Psychiatric incarceration (ankang)
Since the 1980s, China’s Ministry of Public Security has locked up individuals targeted for their political and religious beliefs in psychiatric hospitals for the criminally insane, known as ankang (安康) (‘peace and health’). Despite legal reforms, police continue to send human rights defenders for compulsory treatment without medical justification in both ankang facilities, and psychiatric hospitals for the general public. Civil society data indicates this is a regular, large-scale practice, where victims are denied contact with the outside world and often subjected to torture and ill-treatment, while families are not informed about their relatives’ forced hospitalization.
Enforced disappearance in Tibet
The Chinese authorities continue to disappear Tibetans, including religious leaders, critics and influential thinkers, subjecting them to torture and ill-treatment, and employing the threat of disappearance to instill widespread fear across Tibet. In February 2022, six UN experts raised concern over the physical well-being of Tibetan musician Lhundrup Drakpa, writer Lobsang Lhundrub, and school teacher Rinchen Kyi, arrested and disappeared ‘in connection with their cultural activities in favour of the Tibetan minority language and culture.’ In July 2021, four UN experts expressed similar concern over the enforced disappearance of Rinchen Tsultrim and Go Sherab Gyatso, pointing to a ‘worrying pattern of arbitrary and incommunicado detentions (…) against the Tibetan religious minority, some of them amounting to enforced disappearances.’
The 11th Panchen Lama, Gedhun Choekyi Nyima, one of the most important Tibetan Buddhist leaders, was disappeared in 1995 at the age of six. The Chinese government continues to ignore calls for his release, UN experts’ concerns, or the UN child rights committee’s request for access to establish his whereabouts and health.
Enforced disappearance in the Uyghur region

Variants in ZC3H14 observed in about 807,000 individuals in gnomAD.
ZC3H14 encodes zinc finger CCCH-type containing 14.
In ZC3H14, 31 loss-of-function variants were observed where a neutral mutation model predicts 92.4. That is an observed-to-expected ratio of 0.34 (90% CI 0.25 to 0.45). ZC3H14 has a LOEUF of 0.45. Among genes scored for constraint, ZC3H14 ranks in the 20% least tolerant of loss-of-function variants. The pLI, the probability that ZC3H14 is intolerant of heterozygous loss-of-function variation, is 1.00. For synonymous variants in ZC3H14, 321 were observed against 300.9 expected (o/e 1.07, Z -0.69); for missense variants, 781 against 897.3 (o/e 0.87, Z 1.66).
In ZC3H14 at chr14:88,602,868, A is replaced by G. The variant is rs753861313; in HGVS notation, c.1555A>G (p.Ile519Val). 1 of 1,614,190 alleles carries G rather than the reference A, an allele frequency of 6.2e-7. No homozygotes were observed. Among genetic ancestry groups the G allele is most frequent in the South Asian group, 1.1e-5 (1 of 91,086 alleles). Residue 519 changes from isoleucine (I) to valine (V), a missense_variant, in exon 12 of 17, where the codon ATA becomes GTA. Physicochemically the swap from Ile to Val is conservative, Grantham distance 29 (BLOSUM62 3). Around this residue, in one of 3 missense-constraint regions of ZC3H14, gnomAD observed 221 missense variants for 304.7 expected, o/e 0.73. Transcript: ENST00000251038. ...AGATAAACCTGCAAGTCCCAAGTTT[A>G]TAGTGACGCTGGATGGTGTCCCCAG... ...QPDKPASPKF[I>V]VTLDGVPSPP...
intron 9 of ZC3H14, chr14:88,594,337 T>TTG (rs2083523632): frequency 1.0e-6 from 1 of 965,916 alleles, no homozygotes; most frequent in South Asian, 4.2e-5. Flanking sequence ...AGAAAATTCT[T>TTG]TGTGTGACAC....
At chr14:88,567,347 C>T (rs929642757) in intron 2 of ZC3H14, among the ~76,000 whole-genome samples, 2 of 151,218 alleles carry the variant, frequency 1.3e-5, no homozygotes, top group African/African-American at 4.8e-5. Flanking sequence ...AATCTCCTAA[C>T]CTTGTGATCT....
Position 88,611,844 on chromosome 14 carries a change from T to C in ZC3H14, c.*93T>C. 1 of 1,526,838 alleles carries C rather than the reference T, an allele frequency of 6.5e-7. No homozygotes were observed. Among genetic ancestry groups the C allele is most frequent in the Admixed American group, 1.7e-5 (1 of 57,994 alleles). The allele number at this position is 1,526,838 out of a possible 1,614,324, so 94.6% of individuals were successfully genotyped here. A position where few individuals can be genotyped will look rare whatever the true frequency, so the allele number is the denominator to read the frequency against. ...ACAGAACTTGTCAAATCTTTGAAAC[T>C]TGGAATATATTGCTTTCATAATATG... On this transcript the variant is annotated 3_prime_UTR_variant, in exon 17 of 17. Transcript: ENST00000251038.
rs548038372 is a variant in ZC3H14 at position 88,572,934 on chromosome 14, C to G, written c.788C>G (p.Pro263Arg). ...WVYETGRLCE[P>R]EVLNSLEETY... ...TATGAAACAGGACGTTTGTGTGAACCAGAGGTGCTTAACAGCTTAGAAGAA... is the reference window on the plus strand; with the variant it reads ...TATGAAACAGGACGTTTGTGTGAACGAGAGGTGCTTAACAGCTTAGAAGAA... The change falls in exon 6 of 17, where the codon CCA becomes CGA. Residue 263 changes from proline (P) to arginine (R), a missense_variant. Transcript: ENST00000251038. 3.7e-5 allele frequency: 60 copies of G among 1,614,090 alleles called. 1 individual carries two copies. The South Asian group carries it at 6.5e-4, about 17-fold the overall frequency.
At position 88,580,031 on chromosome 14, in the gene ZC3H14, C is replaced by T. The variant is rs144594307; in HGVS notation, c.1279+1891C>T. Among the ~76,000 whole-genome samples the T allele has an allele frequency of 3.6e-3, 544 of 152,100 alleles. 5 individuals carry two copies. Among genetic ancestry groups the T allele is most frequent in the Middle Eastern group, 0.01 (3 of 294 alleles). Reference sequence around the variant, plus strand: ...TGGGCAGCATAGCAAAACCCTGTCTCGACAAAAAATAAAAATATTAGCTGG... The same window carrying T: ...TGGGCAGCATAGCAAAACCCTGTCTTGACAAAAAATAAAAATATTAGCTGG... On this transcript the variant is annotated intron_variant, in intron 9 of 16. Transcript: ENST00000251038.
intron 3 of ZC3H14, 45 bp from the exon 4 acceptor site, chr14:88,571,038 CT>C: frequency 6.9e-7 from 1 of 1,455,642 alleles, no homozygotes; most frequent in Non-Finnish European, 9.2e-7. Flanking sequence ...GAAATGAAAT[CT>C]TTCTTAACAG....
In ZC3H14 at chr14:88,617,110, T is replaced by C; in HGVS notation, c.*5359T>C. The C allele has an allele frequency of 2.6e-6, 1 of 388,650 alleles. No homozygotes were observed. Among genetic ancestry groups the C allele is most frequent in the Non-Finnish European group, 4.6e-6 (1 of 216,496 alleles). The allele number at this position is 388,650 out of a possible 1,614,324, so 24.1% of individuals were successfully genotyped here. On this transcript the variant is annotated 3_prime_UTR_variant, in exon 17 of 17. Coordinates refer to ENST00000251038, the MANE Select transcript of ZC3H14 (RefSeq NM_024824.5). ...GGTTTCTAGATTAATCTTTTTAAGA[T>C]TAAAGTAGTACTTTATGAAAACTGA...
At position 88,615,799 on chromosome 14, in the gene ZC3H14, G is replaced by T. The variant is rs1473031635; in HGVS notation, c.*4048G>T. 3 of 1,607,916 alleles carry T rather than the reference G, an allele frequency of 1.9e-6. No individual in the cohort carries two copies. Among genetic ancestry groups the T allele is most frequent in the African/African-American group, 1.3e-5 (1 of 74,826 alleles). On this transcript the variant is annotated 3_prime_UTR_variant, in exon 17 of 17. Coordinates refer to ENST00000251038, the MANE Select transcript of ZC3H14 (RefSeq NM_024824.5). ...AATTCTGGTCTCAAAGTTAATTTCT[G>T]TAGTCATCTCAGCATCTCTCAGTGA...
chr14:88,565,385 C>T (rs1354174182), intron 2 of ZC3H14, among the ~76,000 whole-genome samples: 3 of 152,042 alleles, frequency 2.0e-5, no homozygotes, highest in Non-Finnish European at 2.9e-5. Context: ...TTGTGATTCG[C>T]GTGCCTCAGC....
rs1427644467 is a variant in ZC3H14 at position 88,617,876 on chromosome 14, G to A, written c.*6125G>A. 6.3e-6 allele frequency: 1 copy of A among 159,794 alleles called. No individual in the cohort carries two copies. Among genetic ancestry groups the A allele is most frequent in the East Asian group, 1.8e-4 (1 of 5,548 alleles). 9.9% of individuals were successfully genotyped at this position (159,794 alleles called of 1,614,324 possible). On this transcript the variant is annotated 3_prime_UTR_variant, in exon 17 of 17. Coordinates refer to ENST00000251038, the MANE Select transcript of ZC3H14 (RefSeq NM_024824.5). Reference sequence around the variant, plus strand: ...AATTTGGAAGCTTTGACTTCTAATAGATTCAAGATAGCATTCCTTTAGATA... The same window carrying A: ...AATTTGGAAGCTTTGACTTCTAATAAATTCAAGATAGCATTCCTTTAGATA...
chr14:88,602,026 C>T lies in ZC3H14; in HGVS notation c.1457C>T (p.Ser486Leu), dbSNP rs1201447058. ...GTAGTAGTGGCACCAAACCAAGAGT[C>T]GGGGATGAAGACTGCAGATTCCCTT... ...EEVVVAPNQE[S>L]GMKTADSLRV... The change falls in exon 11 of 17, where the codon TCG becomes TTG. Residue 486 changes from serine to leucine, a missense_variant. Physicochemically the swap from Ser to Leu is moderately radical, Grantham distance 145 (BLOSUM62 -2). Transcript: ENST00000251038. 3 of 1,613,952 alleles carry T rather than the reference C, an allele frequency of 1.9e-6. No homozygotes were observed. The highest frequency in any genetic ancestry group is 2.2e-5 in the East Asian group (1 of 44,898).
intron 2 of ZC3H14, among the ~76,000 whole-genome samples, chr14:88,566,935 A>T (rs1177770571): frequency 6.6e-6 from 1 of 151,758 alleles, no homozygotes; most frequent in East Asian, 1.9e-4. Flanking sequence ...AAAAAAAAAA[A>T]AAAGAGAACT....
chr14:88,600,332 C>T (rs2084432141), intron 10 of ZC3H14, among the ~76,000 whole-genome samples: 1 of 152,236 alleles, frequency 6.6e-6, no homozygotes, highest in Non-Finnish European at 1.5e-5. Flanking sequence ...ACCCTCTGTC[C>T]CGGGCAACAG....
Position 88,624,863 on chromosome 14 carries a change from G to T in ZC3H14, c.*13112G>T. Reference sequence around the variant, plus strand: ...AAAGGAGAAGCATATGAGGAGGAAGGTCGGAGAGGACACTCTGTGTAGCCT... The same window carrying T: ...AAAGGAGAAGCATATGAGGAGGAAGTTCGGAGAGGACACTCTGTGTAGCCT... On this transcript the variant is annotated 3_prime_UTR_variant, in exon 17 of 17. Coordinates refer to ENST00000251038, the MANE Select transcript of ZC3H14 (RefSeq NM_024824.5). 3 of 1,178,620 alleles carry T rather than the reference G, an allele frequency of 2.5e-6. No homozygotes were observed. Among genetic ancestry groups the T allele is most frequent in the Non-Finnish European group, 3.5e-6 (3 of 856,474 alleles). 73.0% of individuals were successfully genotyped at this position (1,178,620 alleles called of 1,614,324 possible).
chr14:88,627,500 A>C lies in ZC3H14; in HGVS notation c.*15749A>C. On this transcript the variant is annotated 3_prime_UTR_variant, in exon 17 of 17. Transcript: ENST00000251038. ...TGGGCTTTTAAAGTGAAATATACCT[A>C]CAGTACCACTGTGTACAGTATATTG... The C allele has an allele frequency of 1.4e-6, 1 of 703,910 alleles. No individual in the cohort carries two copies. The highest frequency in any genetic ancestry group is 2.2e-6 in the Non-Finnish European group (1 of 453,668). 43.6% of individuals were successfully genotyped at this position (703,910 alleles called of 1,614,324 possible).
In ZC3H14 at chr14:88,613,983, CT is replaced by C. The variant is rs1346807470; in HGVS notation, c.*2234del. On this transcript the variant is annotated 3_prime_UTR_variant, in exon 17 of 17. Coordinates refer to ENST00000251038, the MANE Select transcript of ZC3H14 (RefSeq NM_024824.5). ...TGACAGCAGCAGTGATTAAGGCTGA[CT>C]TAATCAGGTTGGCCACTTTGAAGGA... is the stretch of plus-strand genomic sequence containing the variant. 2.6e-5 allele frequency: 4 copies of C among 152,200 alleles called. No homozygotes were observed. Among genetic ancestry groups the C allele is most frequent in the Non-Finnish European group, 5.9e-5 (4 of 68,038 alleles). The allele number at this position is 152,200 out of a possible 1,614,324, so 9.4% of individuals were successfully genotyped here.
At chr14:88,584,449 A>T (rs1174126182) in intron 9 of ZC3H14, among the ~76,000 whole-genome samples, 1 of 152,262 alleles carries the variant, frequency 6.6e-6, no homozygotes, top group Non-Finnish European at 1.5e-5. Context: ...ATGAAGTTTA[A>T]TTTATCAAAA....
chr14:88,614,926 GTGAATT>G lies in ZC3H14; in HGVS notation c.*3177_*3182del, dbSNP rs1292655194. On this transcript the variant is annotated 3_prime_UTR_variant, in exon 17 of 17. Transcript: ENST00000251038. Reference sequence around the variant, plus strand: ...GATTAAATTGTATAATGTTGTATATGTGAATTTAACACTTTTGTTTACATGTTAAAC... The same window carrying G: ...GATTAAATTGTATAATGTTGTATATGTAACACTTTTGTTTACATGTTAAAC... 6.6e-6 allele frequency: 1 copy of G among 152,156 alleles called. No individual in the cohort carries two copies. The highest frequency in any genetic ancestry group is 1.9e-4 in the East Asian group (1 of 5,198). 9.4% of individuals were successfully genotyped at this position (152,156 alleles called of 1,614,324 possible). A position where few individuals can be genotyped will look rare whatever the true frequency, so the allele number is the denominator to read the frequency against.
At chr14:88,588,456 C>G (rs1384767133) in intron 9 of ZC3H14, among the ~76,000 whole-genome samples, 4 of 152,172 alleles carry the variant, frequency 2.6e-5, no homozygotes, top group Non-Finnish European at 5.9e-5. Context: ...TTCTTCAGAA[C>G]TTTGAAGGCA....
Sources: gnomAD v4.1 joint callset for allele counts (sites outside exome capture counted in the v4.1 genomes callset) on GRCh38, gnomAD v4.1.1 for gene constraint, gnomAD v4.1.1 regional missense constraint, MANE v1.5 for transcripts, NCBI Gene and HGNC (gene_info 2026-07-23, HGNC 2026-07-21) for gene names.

Beginning in 2017 in the Xinjiang Uyghur Autonomous Region (XUAR, or Uyghur Region), Uyghurs and Turkic Muslims have been detained incommunicado by Chinese government officials in internment camps, forced labor facilities, official prisons where they serve lengthy sentences, and other facilities where they are at risk of being subject to forced labor. Reports to the UN Working Group on enforced disappearances escalated dramatically, indicating a widespread and systematic practice. While the Chinese government refers to these camps as ‘vocational education and training centers’, administrative detention in the camps has no basis in Chinese, or international law.
Journalists and NGOs have reported countless testimonies of people whose family members are or were missing and believed to be detained in the XUAR, and yet who have no way to establish their family members’ whereabouts. They almost never receive official confirmation regarding their family member’s status from the Chinese authorities; efforts to gather information from Chinese consulates or embassies abroad have been largely unsuccessful. Very few detainees are allowed contact with the outside world. Even nominally ‘free’ Uyghurs living in XUAR have been effectively forbidden to speak with their family or friends abroad. Uyghurs in the country and overseas are wholly deprived of their right to truth.
We, the undersigned organizations, urge the international community as a whole to ensure sustained attention and take meaningful action to put an end to all forms of enforced disappearance in China. The authorities must release all those disappeared, ensure their relatives’ right to truth, justice, reparation, and guarantees of non-recurrence.
We stand in solidarity with all those missing, and with their loved ones, left longing for them to return alive.
- Amnesty International
- China Against the Death Penalty
- China Aid Association
- Chinese Human Rights Defenders
- Freedom House
- Front Line Defenders
- Global Centre for the Responsibility to Protect
- Grupo de Apoio ao Tibete Portugal
- Hong Kong Democracy Council
- Hongkongers in Britain
- Hong Kong Watch
- International Bar Association’s Human Rights Institute (IBAHRI)
- International Campaign for Tibet
- International Commission of Jurists
- International Service for Human Rights (ISHR)
- International Society for Human Rights
- International Tibet Network
- Lawyers for Lawyers
- Lawyers’ Rights Watch Canada
- Northern California Hong Kong Club
- Objectif Tibet, Sciez, France
- PEN America
- Safeguard Defenders
- The Rights Practice
- The 29 Principles
- Tibet Initiative Deutschland
- Tibet Justice Center
- Tibet Support Group Ireland
- Students for a Free Tibet
- Swiss Tibetan Friendship Association
- Uyghur Human Rights Project
- World Organisation Against Torture (OMCT)
- World Uyghur Congress